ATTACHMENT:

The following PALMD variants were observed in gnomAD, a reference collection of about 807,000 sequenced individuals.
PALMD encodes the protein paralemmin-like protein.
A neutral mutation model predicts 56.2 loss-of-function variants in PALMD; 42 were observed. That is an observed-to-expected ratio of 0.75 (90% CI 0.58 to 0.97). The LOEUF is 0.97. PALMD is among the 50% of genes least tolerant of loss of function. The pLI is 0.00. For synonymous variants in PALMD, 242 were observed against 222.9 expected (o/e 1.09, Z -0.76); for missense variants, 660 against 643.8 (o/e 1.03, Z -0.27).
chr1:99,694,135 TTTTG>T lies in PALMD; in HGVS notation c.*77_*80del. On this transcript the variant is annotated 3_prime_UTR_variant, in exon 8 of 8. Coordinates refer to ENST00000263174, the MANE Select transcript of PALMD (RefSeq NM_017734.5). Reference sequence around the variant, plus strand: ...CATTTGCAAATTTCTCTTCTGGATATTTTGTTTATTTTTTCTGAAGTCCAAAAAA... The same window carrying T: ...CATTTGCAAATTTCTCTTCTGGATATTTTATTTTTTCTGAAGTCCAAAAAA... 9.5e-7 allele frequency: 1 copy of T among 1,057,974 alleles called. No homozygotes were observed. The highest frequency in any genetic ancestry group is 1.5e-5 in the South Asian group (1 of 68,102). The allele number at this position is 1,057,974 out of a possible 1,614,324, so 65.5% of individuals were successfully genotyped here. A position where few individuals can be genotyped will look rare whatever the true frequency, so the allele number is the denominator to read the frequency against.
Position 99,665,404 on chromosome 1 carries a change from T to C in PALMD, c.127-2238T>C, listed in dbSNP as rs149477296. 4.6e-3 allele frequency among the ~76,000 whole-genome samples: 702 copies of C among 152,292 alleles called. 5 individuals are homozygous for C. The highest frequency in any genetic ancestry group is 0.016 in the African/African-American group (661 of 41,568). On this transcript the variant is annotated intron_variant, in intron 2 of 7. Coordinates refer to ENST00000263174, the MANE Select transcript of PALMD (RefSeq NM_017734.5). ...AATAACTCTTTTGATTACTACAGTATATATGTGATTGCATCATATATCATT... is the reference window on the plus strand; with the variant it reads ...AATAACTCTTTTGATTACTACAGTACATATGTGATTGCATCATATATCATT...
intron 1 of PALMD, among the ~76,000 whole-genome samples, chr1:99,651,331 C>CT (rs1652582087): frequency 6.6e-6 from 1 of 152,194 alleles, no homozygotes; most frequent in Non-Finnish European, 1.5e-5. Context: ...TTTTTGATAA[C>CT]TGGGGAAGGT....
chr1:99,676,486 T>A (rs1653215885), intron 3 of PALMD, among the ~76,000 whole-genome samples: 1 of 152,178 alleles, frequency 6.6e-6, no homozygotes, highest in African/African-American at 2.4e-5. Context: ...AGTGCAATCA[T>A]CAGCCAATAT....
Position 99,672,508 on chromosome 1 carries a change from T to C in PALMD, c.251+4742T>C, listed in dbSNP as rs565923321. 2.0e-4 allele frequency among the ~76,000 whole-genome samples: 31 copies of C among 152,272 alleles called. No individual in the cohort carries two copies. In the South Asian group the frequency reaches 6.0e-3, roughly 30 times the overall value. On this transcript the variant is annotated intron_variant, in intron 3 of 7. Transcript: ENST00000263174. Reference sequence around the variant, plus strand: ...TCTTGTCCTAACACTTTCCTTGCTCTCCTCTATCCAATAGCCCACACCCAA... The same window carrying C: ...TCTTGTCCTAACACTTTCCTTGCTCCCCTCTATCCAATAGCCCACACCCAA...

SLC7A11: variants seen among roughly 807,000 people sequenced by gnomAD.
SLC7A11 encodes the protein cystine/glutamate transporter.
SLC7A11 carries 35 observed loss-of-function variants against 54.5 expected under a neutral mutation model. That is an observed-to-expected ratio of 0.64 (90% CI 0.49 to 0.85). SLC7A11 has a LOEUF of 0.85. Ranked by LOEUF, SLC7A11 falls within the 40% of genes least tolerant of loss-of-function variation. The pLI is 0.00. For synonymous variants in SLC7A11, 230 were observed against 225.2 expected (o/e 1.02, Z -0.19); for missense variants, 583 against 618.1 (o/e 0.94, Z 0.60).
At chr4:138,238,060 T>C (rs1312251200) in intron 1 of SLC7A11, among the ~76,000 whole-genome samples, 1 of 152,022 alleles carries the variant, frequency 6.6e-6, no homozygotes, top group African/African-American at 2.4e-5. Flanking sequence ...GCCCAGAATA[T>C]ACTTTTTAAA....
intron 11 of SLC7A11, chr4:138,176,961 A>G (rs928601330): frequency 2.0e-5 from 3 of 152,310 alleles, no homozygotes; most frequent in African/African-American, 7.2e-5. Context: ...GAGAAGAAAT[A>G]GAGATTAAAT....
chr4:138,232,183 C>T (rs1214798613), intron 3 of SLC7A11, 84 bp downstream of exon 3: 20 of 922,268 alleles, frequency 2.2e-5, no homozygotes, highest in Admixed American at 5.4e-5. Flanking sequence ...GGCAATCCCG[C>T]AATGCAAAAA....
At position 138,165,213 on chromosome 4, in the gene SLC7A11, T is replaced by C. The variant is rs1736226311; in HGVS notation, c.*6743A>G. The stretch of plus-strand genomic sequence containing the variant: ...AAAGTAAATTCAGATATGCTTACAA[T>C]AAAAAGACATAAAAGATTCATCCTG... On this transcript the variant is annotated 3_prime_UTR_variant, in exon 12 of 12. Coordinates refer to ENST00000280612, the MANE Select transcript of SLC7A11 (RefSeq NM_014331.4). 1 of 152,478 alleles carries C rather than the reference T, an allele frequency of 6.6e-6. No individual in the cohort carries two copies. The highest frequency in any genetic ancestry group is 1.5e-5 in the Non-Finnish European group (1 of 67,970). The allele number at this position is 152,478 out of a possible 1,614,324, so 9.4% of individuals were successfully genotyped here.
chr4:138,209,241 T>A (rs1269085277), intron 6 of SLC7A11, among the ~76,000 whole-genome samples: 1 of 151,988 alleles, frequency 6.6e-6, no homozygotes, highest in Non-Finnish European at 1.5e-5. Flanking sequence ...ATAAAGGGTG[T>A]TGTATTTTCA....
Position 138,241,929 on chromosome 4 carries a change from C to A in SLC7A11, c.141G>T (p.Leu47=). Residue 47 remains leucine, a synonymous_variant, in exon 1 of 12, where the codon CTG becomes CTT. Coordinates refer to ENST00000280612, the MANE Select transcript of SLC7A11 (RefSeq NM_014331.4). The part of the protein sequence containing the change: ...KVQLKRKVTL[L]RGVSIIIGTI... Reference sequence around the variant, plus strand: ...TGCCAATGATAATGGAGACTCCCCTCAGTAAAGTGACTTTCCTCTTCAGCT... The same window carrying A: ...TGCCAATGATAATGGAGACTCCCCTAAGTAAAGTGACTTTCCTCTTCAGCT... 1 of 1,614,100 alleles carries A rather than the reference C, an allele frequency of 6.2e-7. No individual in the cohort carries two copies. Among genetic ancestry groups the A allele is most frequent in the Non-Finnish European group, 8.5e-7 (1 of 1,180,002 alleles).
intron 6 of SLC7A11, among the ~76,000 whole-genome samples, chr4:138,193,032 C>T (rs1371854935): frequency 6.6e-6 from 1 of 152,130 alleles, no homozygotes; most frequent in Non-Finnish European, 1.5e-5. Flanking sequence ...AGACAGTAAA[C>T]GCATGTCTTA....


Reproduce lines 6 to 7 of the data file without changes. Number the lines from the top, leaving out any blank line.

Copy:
intron 1 of PALMD, among the ~76,000 whole-genome samples, chr1:99,651,331 C>CT (rs1652582087): frequency 6.6e-6 from 1 of 152,194 alleles, no homozygotes; most frequent in Non-Finnish European, 1.5e-5. Context: ...TTTTTGATAA[C>CT]TGGGGAAGGT....
chr1:99,676,486 T>A (rs1653215885), intron 3 of PALMD, among the ~76,000 whole-genome samples: 1 of 152,178 alleles, frequency 6.6e-6, no homozygotes, highest in African/African-American at 2.4e-5. Context: ...AGTGCAATCA[T>A]CAGCCAATAT....